How to make Christmas shopping less stressful
When the most wonderful time of the year comes rolling in, it’s easy to rant about the horrendous traffic, prices going up, the impossible task of booking a Grab or hailing a cab, and all the get-togethers we’re squeezing in after years of lockdown and social distancing. And with only one week left before Christmas, your anxiety might be hitting the roof if you’re not yet done shopping for gifts.
Let’s all take a breath. Not being able to cross everyone off your list won’t be the end of you or the holidays. Here are a few tips to help you get through the Christmas shopping rush to make sure you’re still feeling joyful on the 25th.
Let’s get real with our budget.
A lot of holiday stress comes from how much money we have to spend on gifts, Noche Buena, and all the potlucks and dinners we’re going to this season.
Be honest with yourself and determine how much your total gift budget will be and how many people you’re giving gifts to. You can either divide your budget equally among their gifts or assign an amount to each one then stick to it. Try to spend cash, Gcash, or use your debit card. Leave the credit card at home so you can stick to your budget and avoid overspending. (Nobody wants to greet the New Year with a credit card debt.)
Shop more mindfully.
Sometimes in our rush, we can end up just buying a generic gift for groups of people without thinking if they can actually use it. If you don’t know them very well, try to look for something they need, something they’ll be sure to use.
If you find something on sale, make sure it’s worth your pesos. Getting a bargain of something that you didn’t intend to buy or you yourself will not appreciate receiving as a present is still unnecessary spending.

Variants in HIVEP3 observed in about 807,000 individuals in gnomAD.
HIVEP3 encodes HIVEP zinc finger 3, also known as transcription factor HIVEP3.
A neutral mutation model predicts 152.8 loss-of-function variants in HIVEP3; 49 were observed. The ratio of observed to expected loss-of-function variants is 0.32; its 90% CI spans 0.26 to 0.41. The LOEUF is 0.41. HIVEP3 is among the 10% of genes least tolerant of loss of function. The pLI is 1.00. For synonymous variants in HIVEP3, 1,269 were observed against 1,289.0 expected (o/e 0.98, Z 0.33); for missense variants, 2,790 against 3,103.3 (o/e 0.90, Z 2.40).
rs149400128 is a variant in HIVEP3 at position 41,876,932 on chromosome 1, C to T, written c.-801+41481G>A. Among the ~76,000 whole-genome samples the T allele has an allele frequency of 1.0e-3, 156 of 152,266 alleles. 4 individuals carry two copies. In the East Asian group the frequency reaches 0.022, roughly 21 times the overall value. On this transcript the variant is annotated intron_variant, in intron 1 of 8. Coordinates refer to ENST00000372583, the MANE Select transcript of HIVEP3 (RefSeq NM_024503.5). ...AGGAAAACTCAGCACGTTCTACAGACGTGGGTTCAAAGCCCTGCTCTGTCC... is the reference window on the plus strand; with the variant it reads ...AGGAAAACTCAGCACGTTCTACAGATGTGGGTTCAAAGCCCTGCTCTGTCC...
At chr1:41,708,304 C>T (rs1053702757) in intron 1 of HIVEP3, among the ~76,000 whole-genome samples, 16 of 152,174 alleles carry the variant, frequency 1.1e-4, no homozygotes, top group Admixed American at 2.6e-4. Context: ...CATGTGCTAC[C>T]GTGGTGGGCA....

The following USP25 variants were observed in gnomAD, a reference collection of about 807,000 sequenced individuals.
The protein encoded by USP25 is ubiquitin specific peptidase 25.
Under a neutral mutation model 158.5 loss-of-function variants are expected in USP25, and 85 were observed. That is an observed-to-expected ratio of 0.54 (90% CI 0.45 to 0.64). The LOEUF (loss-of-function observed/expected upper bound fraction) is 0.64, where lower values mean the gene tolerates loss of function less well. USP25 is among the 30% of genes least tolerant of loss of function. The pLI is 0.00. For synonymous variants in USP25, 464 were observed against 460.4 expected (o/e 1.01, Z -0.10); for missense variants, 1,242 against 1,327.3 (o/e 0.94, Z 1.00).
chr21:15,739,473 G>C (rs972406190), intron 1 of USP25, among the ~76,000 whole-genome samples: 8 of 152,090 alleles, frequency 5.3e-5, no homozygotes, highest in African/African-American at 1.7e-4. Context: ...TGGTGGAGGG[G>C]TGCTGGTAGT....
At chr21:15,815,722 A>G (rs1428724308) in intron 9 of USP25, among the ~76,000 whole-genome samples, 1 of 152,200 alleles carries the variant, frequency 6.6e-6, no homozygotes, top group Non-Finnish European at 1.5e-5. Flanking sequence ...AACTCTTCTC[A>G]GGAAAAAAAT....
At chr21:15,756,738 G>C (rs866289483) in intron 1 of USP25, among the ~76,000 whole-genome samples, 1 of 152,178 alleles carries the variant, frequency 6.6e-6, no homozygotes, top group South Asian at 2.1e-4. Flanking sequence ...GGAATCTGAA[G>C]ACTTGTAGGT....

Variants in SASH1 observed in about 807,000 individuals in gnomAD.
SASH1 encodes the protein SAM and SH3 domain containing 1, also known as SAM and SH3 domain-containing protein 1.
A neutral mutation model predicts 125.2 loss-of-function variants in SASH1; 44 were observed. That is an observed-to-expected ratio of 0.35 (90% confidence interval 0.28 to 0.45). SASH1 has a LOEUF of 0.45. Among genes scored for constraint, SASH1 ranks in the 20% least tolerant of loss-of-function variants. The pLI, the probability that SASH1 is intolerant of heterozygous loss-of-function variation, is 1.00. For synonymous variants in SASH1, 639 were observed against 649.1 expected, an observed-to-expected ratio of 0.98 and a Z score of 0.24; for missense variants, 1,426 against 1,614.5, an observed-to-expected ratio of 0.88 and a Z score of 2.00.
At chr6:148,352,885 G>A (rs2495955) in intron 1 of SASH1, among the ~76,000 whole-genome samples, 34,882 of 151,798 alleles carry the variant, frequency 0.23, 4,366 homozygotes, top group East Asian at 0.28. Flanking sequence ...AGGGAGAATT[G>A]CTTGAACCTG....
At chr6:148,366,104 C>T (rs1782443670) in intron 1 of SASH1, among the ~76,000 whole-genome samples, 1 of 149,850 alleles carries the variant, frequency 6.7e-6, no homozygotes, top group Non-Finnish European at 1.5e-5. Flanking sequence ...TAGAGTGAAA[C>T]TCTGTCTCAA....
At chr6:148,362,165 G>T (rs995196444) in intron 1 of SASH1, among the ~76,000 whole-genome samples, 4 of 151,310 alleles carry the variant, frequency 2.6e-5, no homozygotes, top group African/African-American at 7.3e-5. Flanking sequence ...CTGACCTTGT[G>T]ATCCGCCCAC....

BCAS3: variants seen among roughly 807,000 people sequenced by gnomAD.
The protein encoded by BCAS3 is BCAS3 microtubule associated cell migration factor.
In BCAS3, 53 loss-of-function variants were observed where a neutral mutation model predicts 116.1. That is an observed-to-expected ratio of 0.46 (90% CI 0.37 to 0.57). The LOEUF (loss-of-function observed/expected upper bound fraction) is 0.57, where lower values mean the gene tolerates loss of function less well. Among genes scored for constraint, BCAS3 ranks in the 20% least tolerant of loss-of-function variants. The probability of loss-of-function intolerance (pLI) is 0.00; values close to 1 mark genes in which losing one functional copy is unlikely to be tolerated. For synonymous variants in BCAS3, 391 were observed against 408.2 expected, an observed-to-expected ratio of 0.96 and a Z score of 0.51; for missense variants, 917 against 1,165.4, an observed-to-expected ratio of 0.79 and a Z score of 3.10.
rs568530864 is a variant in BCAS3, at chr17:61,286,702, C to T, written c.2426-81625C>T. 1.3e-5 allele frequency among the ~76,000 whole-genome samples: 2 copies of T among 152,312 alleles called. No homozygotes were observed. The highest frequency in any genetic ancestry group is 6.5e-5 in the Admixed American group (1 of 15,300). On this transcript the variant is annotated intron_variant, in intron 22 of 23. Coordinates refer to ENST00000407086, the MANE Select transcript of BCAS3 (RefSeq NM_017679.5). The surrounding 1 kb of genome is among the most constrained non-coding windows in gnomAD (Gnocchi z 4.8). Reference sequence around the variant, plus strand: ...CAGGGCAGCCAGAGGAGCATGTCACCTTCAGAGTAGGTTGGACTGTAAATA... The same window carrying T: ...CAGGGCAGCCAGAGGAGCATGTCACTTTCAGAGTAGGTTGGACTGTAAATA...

(Mindful shopping also means finding and supporting good businesses, here are a few things to look into.)
Think of alternative gift-giving ideas.
You’re most likely not the only one trying to stick to a budget so suggest exchanging handmade gifts (look for some DIYs here) or doing a white elephant exchange gift (usually an unused and unwanted item in the house or a recycled gift).
Just make sure your white elephant can be something useful to other people. Steer clear of gag gifts as white elephant if you’re spending your hard-earned cash; especially if the recipient will likely chuck them into the bin along with the gift wrappers once Christmas is done.
Share an experience.
Many people end up decluttering after the holidays or at the start of the year. If you don’t want to possibly add to the clutter or want to give something more memorable, think of giving friends or family something they can do or that you can do for them.
Treat your friend to a spa date or go on a pottery class together with your sister. You can also offer to drive them around one weekend and help them out with their errands that day (with the cost of gas these days, that’s a gift that anyone can appreciate.)
Plan ahead for next year.
Christmas is typically the most expensive time of the year and whether or not you have a 13th month or a bonus, it’s still a good idea to set aside a monthly budget for your gifts. You can also start preparing your holiday gift list. This way the holiday spending doesn’t sneak up on you, you’ll have more time to relax, and hopefully it can reduce the stress of Christmas next year. Hey, we can always hope.